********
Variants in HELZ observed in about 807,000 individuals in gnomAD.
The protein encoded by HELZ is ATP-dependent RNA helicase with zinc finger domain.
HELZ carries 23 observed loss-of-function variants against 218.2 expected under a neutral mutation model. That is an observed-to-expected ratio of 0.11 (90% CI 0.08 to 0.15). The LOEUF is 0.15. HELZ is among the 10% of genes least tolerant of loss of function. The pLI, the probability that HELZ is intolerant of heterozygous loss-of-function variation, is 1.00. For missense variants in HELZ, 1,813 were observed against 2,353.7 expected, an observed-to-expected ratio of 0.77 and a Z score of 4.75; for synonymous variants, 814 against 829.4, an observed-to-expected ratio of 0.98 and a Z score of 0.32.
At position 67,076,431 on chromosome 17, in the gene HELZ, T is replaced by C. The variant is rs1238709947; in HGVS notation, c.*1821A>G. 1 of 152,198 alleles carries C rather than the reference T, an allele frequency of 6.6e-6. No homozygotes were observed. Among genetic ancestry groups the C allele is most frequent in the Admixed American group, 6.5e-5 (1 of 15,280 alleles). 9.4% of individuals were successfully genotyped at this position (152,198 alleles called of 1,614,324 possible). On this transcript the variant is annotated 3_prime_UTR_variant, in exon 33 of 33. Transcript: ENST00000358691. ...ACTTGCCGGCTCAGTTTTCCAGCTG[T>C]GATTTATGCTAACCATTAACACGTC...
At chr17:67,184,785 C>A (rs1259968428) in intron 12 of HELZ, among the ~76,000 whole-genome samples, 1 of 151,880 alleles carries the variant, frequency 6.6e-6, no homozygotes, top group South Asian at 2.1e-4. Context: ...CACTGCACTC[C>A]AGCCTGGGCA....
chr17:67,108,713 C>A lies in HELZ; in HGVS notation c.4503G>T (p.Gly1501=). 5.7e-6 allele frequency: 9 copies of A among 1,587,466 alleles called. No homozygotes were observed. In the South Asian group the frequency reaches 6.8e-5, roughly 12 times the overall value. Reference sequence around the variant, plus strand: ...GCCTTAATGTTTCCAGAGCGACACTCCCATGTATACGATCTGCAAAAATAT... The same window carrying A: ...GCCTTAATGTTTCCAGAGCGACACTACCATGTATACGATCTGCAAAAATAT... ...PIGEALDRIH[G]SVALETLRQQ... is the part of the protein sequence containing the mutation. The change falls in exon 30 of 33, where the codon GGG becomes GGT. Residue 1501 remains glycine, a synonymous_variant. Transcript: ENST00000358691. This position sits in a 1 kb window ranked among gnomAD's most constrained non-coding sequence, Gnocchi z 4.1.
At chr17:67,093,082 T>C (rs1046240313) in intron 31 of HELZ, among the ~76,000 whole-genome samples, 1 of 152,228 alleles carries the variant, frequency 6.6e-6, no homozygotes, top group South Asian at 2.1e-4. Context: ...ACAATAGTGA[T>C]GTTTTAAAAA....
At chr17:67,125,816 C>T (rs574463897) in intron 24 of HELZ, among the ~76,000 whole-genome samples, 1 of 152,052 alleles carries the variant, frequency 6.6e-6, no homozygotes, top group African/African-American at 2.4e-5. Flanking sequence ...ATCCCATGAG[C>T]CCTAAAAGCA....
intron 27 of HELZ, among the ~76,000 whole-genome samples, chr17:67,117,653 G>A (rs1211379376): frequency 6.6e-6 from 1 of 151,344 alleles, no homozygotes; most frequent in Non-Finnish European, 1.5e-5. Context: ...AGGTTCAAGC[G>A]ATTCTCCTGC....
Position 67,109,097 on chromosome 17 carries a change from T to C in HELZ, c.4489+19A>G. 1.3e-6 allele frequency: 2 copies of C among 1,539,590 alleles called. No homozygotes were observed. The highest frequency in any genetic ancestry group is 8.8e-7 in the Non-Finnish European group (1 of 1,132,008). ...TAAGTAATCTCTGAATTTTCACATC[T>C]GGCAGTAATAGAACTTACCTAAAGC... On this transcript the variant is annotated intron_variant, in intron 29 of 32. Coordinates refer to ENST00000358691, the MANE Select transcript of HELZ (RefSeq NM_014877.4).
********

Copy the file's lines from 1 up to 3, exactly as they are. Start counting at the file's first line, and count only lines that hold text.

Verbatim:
Variants in HELZ observed in about 807,000 individuals in gnomAD.
The protein encoded by HELZ is ATP-dependent RNA helicase with zinc finger domain.
HELZ carries 23 observed loss-of-function variants against 218.2 expected under a neutral mutation model. That is an observed-to-expected ratio of 0.11 (90% CI 0.08 to 0.15). The LOEUF is 0.15. HELZ is among the 10% of genes least tolerant of loss of function. The pLI, the probability that HELZ is intolerant of heterozygous loss-of-function variation, is 1.00. For missense variants in HELZ, 1,813 were observed against 2,353.7 expected, an observed-to-expected ratio of 0.77 and a Z score of 4.75; for synonymous variants, 814 against 829.4, an observed-to-expected ratio of 0.98 and a Z score of 0.32.